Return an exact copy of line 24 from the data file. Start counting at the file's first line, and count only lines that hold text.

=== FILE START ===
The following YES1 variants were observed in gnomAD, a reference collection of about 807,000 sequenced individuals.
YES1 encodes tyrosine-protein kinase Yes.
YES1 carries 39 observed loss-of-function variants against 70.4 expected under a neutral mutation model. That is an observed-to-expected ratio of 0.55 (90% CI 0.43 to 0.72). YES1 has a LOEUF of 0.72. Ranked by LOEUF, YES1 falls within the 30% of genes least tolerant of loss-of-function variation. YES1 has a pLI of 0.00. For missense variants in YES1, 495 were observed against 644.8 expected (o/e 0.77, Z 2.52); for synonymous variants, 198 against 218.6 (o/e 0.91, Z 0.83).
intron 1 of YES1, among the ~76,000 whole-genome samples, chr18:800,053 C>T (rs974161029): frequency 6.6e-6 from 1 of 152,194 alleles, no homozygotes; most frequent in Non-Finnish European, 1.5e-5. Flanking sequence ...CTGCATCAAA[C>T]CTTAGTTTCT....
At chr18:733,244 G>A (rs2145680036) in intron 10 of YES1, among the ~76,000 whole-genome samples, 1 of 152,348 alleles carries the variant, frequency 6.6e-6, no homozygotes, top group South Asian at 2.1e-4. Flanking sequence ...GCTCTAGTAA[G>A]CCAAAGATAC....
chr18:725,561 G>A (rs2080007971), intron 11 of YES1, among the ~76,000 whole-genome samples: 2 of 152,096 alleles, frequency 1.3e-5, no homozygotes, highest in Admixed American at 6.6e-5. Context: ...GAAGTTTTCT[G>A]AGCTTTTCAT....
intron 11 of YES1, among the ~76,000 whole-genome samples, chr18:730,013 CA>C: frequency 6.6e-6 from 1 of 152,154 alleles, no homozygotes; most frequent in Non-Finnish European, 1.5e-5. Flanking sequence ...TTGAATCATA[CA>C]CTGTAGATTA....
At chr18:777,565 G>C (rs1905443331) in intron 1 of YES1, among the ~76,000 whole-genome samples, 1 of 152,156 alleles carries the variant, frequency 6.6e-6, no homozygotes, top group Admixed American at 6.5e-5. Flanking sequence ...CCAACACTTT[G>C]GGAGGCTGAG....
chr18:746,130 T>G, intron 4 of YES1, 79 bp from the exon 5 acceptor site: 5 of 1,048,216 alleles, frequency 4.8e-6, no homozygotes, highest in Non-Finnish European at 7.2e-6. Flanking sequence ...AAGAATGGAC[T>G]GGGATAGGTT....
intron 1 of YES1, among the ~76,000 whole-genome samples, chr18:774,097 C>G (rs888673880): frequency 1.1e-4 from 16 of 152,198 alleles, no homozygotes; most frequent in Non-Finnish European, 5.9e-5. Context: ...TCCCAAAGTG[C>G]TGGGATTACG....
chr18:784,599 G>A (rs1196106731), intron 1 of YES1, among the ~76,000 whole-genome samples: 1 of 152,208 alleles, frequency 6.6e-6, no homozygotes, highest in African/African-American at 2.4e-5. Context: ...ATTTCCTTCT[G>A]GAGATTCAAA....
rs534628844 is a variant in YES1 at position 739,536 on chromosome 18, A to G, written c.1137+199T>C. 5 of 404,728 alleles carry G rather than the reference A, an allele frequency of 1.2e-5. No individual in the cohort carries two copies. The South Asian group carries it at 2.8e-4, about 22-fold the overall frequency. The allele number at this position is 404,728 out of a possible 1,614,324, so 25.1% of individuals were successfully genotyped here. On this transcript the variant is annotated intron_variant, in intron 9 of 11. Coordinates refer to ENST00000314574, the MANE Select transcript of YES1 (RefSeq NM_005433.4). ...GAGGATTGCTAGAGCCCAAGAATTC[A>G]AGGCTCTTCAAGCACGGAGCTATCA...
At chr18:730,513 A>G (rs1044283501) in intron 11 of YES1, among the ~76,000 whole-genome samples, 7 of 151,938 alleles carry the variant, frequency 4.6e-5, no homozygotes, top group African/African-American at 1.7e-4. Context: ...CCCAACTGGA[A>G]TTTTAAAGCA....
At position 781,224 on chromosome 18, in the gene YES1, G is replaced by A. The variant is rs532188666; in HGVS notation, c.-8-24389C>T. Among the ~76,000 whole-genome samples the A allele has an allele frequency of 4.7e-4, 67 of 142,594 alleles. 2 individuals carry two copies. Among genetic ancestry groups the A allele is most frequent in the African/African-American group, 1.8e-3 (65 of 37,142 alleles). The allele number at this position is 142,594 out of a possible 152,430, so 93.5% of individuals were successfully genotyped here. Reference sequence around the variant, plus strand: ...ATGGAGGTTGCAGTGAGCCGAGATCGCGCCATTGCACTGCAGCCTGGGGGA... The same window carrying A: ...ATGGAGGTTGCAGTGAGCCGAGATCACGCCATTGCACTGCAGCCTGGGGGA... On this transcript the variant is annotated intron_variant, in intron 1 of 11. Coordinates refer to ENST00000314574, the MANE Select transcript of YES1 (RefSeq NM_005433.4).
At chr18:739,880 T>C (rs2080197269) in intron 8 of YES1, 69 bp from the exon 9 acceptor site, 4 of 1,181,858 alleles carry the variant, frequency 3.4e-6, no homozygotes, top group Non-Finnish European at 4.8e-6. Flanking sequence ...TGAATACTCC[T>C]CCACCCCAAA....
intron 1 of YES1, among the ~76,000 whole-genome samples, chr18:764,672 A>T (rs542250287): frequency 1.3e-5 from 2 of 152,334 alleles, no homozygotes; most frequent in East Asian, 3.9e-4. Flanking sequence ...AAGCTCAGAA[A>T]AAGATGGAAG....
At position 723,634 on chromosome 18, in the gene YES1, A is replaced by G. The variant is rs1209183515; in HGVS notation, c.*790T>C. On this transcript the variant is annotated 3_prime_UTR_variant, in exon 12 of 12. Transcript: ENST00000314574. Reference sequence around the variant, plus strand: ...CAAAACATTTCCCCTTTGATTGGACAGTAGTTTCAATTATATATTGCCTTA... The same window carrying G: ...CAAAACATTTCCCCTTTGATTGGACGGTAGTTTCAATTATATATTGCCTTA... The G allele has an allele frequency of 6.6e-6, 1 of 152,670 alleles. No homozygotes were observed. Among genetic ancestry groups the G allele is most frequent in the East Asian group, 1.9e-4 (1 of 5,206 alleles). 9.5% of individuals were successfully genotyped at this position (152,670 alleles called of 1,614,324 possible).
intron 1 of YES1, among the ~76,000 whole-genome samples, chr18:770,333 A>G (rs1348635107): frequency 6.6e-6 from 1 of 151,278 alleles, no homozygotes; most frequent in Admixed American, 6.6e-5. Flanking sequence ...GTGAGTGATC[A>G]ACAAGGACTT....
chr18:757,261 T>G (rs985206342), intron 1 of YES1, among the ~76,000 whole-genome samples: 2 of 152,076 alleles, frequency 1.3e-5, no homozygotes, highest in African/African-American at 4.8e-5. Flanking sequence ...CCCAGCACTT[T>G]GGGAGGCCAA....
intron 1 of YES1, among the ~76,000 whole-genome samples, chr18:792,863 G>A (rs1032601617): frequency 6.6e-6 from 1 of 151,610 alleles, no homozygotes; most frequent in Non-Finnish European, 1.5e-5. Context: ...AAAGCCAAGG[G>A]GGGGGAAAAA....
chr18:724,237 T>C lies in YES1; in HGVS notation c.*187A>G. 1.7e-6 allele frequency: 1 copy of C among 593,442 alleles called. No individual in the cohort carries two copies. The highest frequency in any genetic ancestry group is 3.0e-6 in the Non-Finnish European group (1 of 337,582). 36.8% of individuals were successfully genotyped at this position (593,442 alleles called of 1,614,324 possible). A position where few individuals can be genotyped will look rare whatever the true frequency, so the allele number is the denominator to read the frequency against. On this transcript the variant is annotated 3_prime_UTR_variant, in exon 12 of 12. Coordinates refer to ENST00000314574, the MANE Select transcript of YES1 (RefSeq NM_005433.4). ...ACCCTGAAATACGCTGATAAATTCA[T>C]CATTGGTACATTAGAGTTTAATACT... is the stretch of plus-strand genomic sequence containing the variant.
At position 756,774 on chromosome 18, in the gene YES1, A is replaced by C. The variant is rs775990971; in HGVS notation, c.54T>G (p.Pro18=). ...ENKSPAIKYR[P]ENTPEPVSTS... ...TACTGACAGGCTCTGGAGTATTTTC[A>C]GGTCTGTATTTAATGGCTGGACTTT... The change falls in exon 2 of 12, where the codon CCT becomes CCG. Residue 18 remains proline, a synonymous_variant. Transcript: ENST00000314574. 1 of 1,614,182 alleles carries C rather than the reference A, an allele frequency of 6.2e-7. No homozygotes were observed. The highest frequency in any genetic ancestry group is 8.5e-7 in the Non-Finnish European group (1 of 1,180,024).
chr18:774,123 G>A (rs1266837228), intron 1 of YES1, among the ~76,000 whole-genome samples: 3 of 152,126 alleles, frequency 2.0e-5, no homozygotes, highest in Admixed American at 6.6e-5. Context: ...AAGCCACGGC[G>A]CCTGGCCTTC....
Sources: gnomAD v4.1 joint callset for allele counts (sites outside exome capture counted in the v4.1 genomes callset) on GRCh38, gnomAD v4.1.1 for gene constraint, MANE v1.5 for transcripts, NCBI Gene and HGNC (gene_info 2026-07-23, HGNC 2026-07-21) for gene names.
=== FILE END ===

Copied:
Sources: gnomAD v4.1 joint callset for allele counts (sites outside exome capture counted in the v4.1 genomes callset) on GRCh38, gnomAD v4.1.1 for gene constraint, MANE v1.5 for transcripts, NCBI Gene and HGNC (gene_info 2026-07-23, HGNC 2026-07-21) for gene names.